ar·col·ogy - ärˈkäləjē - combining "architecture” and “ecology”. A set of architectural design principles for enormous habitats (hyperstructures) of extremely high human population density.
now - naʊ - at the present time or moment
Growing food on earth is not rocket science. Our current industrialized agriculture model has huge flaws. It's destroying our environment, our health and our wallets. We hope to make greenhouses a fixture in modern homes similar to how most homes have a refrigerator. We want to reconnect people with nature. However, we also understand it has to be easy and it has to work in many climates.
This product will be the synthesis of several key technologies. These technologies are soap bubble insulation, aquaponics, automation and the internet.
Soap bubble insulation is being pioneered by the SolaRoof open source consortium led by Richard Nelson. They construct a structure with two transparent membranes. In between the membranes they blow in soap bubbles. It's that simple. The bubbles offer insulation when you want it but they can also be turned off when you want to let the heat in. There are currently many ongoing independent experiments around the globe pushing this technology forward. It's in use in the cold extremes of Norway to the heat of Phoenix. More information can be found at their website www.solaroof.org.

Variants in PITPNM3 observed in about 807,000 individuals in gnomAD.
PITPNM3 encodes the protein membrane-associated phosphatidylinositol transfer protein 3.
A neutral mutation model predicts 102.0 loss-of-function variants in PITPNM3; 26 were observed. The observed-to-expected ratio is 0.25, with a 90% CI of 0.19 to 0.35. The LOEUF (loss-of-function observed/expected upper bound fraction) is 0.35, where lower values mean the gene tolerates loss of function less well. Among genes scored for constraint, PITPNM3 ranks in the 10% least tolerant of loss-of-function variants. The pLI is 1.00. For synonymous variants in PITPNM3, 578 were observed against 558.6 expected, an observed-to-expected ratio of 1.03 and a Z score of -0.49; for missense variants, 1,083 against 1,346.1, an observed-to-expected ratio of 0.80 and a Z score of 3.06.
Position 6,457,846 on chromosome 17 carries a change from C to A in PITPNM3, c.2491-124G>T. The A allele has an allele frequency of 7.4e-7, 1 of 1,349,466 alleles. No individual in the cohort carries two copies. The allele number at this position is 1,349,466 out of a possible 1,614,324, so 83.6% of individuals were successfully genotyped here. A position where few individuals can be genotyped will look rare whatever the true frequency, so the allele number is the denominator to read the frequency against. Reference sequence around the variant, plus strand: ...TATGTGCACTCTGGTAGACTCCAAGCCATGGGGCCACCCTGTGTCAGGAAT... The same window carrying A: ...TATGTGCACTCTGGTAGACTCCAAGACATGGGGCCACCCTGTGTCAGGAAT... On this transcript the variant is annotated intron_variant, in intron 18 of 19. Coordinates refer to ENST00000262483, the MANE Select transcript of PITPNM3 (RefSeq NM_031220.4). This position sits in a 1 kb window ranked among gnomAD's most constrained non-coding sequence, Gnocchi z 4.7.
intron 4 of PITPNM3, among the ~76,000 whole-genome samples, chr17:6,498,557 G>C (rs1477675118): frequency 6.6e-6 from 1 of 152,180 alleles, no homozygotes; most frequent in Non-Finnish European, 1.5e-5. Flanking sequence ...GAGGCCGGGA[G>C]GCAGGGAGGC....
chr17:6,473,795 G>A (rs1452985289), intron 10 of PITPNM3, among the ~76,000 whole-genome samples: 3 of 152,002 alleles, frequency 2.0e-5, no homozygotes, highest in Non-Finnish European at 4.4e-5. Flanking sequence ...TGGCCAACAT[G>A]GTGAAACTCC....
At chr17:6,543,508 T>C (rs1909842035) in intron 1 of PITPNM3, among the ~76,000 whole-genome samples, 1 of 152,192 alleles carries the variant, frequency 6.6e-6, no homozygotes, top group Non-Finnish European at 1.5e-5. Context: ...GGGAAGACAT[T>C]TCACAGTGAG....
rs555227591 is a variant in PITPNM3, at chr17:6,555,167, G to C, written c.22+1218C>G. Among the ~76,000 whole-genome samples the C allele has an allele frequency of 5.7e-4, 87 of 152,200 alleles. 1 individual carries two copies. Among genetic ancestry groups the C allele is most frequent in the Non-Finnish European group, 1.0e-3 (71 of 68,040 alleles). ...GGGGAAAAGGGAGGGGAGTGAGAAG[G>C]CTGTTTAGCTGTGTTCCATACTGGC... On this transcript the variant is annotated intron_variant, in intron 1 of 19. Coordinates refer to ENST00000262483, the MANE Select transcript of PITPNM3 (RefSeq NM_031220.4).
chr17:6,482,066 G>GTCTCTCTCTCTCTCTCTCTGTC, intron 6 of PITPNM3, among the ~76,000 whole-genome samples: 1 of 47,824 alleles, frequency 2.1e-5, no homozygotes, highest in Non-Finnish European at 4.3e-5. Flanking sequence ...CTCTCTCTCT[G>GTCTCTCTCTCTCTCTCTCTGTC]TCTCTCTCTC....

We can adapt the SolaRoof technology to our frames. Instead of steel we'll use PVC tubes and stainless steel fasteners. Once we have a low cost climate controlled area we can focus on optimizing the grow space. We're going to use aquaponics to do this. Aquaponics is similar to hydroponics but it uses fish poop instead of chemicals. It's all natural and organic. There are many aquaponic installations throughout the world and many DIY'ers experimenting with it. We hope to package this up into an easy to use and affordable unit.
The third main ingredient is the automation and internet. We plan on automating the entire greenhouse using low cost micro-computers like the raspberry Pi and low cost sensors. We'll connect these up to the internet and work with a distributed team of open source enthusiast to get actual data from our greenhouses in the field and figure out what works best to optimize food growth for different environments.
We're partnering with several local entrepreneurs to make this product happen. Curt Grantrom is a local aquaponics guru. He's going to help us get a few test aquaponic systems functional and then hopefully more. Thomas McFadden is also helping us. He specializes in building urban gardens in wasted space.
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